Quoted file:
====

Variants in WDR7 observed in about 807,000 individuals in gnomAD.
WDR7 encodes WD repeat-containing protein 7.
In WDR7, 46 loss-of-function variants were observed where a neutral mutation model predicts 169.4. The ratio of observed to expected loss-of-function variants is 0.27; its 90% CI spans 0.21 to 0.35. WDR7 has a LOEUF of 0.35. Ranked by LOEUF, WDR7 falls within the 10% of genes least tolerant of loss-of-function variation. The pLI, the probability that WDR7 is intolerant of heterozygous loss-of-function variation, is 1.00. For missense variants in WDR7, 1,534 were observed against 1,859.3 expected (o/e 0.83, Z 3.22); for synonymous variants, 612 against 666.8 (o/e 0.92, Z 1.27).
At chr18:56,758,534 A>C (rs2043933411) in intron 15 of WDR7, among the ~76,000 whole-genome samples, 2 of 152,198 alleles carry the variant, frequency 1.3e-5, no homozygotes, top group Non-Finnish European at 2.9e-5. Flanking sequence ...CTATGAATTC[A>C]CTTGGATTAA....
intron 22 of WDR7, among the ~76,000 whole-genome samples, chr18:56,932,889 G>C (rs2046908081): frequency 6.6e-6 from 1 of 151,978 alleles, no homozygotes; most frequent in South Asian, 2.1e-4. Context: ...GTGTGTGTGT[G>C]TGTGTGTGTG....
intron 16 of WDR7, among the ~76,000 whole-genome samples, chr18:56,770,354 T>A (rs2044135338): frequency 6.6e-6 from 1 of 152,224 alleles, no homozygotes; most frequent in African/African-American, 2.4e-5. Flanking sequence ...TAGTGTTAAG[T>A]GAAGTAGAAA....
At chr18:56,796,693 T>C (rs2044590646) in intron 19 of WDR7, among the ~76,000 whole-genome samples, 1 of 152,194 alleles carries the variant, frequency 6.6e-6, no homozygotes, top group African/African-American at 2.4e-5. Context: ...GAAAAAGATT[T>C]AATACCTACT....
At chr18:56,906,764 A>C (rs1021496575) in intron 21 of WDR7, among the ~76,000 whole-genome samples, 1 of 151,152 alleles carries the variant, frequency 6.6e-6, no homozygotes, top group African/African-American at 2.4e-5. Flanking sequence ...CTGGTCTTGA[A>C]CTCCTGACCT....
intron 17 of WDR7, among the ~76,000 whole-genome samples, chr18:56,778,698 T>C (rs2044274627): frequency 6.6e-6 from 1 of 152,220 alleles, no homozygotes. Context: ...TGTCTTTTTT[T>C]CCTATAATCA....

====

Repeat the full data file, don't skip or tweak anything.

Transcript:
Variants in WDR7 observed in about 807,000 individuals in gnomAD.
WDR7 encodes WD repeat-containing protein 7.
In WDR7, 46 loss-of-function variants were observed where a neutral mutation model predicts 169.4. The ratio of observed to expected loss-of-function variants is 0.27; its 90% CI spans 0.21 to 0.35. WDR7 has a LOEUF of 0.35. Ranked by LOEUF, WDR7 falls within the 10% of genes least tolerant of loss-of-function variation. The pLI, the probability that WDR7 is intolerant of heterozygous loss-of-function variation, is 1.00. For missense variants in WDR7, 1,534 were observed against 1,859.3 expected (o/e 0.83, Z 3.22); for synonymous variants, 612 against 666.8 (o/e 0.92, Z 1.27).
At chr18:56,758,534 A>C (rs2043933411) in intron 15 of WDR7, among the ~76,000 whole-genome samples, 2 of 152,198 alleles carry the variant, frequency 1.3e-5, no homozygotes, top group Non-Finnish European at 2.9e-5. Flanking sequence ...CTATGAATTC[A>C]CTTGGATTAA....
intron 22 of WDR7, among the ~76,000 whole-genome samples, chr18:56,932,889 G>C (rs2046908081): frequency 6.6e-6 from 1 of 151,978 alleles, no homozygotes; most frequent in South Asian, 2.1e-4. Context: ...GTGTGTGTGT[G>C]TGTGTGTGTG....
intron 16 of WDR7, among the ~76,000 whole-genome samples, chr18:56,770,354 T>A (rs2044135338): frequency 6.6e-6 from 1 of 152,224 alleles, no homozygotes; most frequent in African/African-American, 2.4e-5. Flanking sequence ...TAGTGTTAAG[T>A]GAAGTAGAAA....
At chr18:56,796,693 T>C (rs2044590646) in intron 19 of WDR7, among the ~76,000 whole-genome samples, 1 of 152,194 alleles carries the variant, frequency 6.6e-6, no homozygotes, top group African/African-American at 2.4e-5. Context: ...GAAAAAGATT[T>C]AATACCTACT....
At chr18:56,906,764 A>C (rs1021496575) in intron 21 of WDR7, among the ~76,000 whole-genome samples, 1 of 151,152 alleles carries the variant, frequency 6.6e-6, no homozygotes, top group African/African-American at 2.4e-5. Flanking sequence ...CTGGTCTTGA[A>C]CTCCTGACCT....
intron 17 of WDR7, among the ~76,000 whole-genome samples, chr18:56,778,698 T>C (rs2044274627): frequency 6.6e-6 from 1 of 152,220 alleles, no homozygotes. Context: ...TGTCTTTTTT[T>C]CCTATAATCA....